An unsupported leader cannot take joy in their work. I know the support I have in my work is vital for me. Support comes in many forms, and is not just practical human help. It may be a feeling of goodwill from afar. An upbeat phone call, a new commission, a warm day when all feels right with the world.

It is possible to do a lot of good in the world and end up disillusioned. Ethical leaders notice when things are going well and they take time to acknowledge the myriad factors that make good work possible.

Finally, ethical leaders share their work and encourage others. They do not feel the need to hoard or protect their ideas. They know their own worth is not measured by the amount of wealth they have accumulated in the bank, but by the flow of creative ideas that leads to new opportunities and connections. An ethical leader is aware that the source of creativity is limited only by their own temporary blindness.

Clear View

20 11 2021

Every day is an opportunity to view things differently. Every day we can choose another lens through which to view the world and all that lives within. I wonder why it is that we cling so fiercely to our narrow perspectives?

My feeling is that it feels safe to travel along the same familiar route. It feels comforting to always know what you think, to have a readymade opinion on everything. How refreshing it could be to live without having to remember to have an opinion on anything at all! To simply consider every situation as it occurs with fresh, clear eyes. This is how birds live.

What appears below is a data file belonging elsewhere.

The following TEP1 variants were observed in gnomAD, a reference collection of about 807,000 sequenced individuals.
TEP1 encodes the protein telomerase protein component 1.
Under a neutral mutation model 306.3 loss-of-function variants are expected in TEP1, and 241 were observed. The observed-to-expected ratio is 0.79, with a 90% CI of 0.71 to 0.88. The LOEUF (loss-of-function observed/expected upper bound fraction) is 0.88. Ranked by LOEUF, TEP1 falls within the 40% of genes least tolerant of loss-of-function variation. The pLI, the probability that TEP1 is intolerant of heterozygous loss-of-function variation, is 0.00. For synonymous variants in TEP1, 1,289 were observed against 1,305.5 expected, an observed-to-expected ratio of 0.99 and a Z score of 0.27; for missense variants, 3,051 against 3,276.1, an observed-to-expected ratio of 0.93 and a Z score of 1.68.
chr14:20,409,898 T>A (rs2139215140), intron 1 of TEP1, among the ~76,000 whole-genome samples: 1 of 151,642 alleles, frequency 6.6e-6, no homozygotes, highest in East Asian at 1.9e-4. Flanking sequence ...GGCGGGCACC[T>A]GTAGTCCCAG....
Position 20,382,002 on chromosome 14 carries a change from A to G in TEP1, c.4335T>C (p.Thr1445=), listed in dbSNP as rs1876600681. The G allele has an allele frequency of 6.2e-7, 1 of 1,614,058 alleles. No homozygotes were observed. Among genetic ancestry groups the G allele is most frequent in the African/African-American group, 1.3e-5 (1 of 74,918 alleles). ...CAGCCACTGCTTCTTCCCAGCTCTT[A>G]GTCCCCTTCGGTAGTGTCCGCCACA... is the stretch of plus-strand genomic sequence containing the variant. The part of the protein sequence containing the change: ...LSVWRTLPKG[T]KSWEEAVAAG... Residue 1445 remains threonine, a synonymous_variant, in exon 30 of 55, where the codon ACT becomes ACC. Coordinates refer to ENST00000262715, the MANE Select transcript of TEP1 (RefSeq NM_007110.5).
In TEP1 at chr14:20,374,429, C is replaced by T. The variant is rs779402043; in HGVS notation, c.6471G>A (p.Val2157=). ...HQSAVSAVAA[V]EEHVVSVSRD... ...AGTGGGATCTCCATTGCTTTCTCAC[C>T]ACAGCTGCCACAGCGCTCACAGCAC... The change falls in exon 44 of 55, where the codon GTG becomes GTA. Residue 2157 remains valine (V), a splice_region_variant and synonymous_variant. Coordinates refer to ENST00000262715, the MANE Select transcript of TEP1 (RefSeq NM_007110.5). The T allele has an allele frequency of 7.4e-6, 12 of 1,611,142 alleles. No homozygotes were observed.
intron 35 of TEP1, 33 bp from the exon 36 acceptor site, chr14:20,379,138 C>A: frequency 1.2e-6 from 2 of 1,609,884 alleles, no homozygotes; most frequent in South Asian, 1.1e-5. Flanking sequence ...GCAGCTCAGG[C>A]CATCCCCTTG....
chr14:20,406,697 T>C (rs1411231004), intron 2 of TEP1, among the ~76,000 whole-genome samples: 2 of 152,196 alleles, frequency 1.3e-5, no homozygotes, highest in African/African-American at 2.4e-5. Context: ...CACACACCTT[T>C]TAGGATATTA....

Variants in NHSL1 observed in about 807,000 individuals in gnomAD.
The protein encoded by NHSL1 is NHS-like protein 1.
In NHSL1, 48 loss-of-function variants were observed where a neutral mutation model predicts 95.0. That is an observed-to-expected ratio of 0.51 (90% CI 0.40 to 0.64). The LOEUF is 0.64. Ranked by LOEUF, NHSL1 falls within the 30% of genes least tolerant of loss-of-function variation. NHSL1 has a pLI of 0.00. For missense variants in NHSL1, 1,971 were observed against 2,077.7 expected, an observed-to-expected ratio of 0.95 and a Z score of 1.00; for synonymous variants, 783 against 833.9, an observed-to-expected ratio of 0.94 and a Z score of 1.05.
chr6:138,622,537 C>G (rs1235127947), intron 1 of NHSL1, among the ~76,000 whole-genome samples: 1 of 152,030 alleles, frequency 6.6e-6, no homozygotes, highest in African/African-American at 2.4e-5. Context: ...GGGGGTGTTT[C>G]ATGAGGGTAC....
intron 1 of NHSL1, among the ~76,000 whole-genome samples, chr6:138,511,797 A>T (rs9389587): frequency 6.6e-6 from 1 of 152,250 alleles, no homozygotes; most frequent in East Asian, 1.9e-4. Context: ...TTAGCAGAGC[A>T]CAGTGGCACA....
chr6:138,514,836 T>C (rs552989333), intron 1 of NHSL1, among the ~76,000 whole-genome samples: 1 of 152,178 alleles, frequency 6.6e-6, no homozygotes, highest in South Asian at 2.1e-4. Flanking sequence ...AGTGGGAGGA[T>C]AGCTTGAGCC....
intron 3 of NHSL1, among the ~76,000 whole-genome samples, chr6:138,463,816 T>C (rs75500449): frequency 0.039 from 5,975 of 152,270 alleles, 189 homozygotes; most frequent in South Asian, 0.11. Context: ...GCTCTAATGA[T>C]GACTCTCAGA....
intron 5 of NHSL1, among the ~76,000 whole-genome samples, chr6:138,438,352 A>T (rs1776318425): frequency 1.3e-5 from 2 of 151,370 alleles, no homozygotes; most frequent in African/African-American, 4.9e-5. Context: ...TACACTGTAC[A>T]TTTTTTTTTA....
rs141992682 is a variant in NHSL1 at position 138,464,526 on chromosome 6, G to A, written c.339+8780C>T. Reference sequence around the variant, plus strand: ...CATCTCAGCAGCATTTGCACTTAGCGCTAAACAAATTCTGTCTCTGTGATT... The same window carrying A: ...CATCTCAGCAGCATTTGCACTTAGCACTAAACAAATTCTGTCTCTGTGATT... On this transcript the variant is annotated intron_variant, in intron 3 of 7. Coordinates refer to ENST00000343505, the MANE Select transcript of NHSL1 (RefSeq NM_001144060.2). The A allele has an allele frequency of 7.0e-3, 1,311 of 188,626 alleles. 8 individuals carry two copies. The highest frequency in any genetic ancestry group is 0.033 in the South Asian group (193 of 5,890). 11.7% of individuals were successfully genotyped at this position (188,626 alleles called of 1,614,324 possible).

Yesterday I tested a robin’s nerve by placing a small cube of cheese on the wooden picnic table where the bird could see it. The robin assessed the situation for a few moments and saw that it was not without danger. There were two hungry hounds on either side of the picnic table. The robin timed his flight, swept in and carried off the cheese so swiftly and beautifully it made everyone present smile. Here was a moment of simple decision making that required little effort.

Contrast the slow and awkward way we get around to doing things. Using our opinions as crutches when we really don’t know what to do. It’s hard, though, to realise opinions do not matter when you have spent years carefully curating a point of view. Opinions feel like life and death. The most opinionated often win, not because their opinions are superior, but because the very act of holding onto an opinion takes tenacity. The opinionated are terriers with a juicy idea between their teeth. Try to take it away and they snap.

All conflict is rooted in differences of opinion, in blind stubbornness in some form. Try tackling it head on and it digs in deeper. No side can win. It means years of deadlock. I’m thinking of the situation between Russia and Ukraine, Israel and Palestine, government and business policy makers and climate change campaigners. The differences between France and the UK, all defined by opinion masquerading as truth.

In all situations of conflict there is a place where both sides recognise each other, where they see the other in themselves. The ability to pause and consider the consequences of our strong points of view is not admired as much as a powerful argument. But in pausing, in taking a moment to think of the way our words or actions might land on another, we take a radical step away from our sheltered opinions and into something much deeper and wider.

In stepping away from certainty and into the big unknown, we encounter all the limitless alternatives we need to create a world that is not defined by those who push hardest. We don’t need stronger opinions. We need a robin’s piercing clarity of vision.